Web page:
HomeAdvisor and Houzz are two current networking platforms. I’m ignoring Thumbtack and Yelp as they are not focused on the home renovation market.
Houzz tends to cater to the high end luxury market. Much of the content is focused on large costly projects. The smaller, mid range projects are a huge untapped market. I believe Brickplank could capture this by creating content and providing a platform for low to midrange home projects.
HomeAdvisor is primarily a directory. Customers have to understand their project before using Homeadvisor. Lack of content also does not attract as many customer eyeballs. Service providers need to be vetted by HomeAdvisor before a connection is made, losing many competent providers. Brickplank would differentiate itself in two aspects: content, and ease of onboarding.
The Brickplank Experience
I would imagine user journeys as described below:
Homeowner user journey path:
- Homeowners go to Brickplank for guidance, clarification, and education. There is a large library of photos, past projects, and design ideas.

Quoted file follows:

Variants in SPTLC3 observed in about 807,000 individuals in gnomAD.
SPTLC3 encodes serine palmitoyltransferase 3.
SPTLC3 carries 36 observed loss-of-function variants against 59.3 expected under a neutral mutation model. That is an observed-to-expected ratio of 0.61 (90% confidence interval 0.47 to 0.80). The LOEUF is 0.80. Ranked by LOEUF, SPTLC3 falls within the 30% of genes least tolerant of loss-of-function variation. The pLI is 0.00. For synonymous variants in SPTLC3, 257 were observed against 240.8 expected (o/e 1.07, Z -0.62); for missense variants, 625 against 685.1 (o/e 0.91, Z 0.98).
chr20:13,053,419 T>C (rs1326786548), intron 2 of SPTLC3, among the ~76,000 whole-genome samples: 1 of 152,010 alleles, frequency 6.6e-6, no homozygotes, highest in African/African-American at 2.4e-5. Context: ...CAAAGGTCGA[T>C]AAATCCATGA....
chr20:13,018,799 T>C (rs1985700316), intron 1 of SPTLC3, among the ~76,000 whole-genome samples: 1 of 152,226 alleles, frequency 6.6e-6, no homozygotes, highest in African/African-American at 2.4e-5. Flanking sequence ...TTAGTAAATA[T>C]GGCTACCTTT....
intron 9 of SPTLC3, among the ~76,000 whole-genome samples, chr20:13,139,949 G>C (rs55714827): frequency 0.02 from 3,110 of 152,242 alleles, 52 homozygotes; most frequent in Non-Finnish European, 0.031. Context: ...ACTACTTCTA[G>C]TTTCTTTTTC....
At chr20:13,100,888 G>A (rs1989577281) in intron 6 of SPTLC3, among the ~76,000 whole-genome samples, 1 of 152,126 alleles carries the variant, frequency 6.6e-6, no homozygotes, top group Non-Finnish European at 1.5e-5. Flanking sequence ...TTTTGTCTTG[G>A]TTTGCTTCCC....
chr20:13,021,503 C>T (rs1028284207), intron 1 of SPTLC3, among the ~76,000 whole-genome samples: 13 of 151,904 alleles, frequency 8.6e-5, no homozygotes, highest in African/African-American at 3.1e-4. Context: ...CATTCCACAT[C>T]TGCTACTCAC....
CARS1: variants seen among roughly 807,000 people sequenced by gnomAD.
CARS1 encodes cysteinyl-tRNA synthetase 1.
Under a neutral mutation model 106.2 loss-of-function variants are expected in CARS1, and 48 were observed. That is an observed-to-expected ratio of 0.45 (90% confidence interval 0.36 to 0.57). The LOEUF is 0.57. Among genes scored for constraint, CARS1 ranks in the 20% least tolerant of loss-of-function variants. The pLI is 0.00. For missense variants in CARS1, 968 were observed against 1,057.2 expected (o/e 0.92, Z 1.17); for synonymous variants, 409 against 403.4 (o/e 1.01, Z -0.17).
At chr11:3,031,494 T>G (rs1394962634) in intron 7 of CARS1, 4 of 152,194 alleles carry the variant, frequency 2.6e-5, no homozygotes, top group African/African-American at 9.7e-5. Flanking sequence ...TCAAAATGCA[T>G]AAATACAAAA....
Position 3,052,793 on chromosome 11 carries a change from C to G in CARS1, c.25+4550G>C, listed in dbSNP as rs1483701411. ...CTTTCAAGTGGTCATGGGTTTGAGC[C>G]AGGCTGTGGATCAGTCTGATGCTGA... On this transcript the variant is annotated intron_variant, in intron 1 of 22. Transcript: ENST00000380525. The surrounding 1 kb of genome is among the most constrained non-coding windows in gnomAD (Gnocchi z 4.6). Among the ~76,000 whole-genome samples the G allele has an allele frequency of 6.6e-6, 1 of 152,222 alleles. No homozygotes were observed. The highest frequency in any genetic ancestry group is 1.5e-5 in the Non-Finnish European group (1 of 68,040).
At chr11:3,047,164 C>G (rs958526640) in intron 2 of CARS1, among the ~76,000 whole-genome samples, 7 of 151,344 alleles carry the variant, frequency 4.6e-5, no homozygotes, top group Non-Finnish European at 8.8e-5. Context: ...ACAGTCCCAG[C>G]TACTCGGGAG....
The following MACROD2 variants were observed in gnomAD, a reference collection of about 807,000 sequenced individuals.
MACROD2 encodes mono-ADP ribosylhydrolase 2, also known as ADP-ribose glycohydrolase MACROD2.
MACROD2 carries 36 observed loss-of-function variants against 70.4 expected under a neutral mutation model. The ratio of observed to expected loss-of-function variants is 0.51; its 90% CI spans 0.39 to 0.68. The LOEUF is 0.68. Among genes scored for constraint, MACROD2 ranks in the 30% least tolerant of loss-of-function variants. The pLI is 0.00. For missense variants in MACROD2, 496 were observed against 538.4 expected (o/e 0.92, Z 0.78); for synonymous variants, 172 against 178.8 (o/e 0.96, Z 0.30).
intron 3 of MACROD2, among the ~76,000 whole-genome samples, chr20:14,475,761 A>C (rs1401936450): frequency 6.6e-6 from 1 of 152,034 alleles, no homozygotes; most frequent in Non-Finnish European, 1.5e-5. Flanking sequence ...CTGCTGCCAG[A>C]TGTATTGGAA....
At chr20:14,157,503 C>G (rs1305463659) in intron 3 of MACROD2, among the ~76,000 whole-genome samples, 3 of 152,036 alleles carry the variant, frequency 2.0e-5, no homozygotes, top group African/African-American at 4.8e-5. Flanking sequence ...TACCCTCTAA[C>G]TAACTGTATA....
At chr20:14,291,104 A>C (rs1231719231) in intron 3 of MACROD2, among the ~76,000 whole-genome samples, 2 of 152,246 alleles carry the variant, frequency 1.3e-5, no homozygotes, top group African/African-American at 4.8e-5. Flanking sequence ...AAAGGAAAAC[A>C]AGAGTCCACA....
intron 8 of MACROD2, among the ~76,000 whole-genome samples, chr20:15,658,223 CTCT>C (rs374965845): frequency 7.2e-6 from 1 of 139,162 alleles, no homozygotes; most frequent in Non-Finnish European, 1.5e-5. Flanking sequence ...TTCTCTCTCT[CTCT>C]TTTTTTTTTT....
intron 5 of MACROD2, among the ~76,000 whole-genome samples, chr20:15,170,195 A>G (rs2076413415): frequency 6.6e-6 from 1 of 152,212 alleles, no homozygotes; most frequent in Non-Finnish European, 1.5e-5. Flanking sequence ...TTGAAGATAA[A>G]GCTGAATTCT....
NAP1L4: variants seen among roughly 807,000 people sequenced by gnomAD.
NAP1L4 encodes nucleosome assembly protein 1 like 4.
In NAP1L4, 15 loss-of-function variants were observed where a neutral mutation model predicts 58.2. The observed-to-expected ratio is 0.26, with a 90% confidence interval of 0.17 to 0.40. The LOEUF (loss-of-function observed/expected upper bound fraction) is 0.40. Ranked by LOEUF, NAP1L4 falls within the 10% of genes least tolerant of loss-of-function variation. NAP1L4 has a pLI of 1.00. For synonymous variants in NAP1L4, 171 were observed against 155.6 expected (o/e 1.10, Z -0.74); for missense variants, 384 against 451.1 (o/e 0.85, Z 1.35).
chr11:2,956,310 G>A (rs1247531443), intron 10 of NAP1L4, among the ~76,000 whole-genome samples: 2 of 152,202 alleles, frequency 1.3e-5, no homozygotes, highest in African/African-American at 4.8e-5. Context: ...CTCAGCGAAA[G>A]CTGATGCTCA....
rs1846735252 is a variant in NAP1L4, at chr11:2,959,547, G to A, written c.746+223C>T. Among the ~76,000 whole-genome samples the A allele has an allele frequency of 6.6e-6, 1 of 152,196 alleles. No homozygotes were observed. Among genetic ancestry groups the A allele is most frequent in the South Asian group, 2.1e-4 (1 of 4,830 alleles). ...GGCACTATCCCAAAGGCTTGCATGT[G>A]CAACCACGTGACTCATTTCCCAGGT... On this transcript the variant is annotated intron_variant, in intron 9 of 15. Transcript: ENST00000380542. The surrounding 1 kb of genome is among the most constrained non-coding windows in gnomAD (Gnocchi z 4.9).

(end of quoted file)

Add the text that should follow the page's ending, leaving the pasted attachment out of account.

- Homeowners get advice from expert contractors. Homeowners gain knowledge and confidence on their project
- Content remains on Brickplank, for future homeowners to learn from
- Homeowners, then use the brickplank directory to find local contractors for their project. Each contractor has photos, reviews, price ranges, and contractor authored content references.
- Homeowners use the Brickplank scheduling, quoting, messaging, accountability, and billing tools to connect and successfully execute a project.
- Homeowners successfully finish the project and leave a positive review for the contractor
Contractor use path:
- Contractors easily set up a provider account on Brickplank to market themselves.
- Contractors provide content for potential customers by posting articles and answering questions. Contractors are rewarded for content by a boost in directory rankings.
- Contractors receive lead from the brickplank directory.
- Contractors manage their many clients and projects with tools on Brickplank. Scheduling, messages, accountability is all in one place and easy to manage.
- Contractors finish projects, get good reviews, and grow their business.
Brickplank: Strategy and MVP
- Strategy relies on positive feedback loop between contractor created content and customer leads
- First MVP involves creating inoculation content to attract users
- Automated generation of articles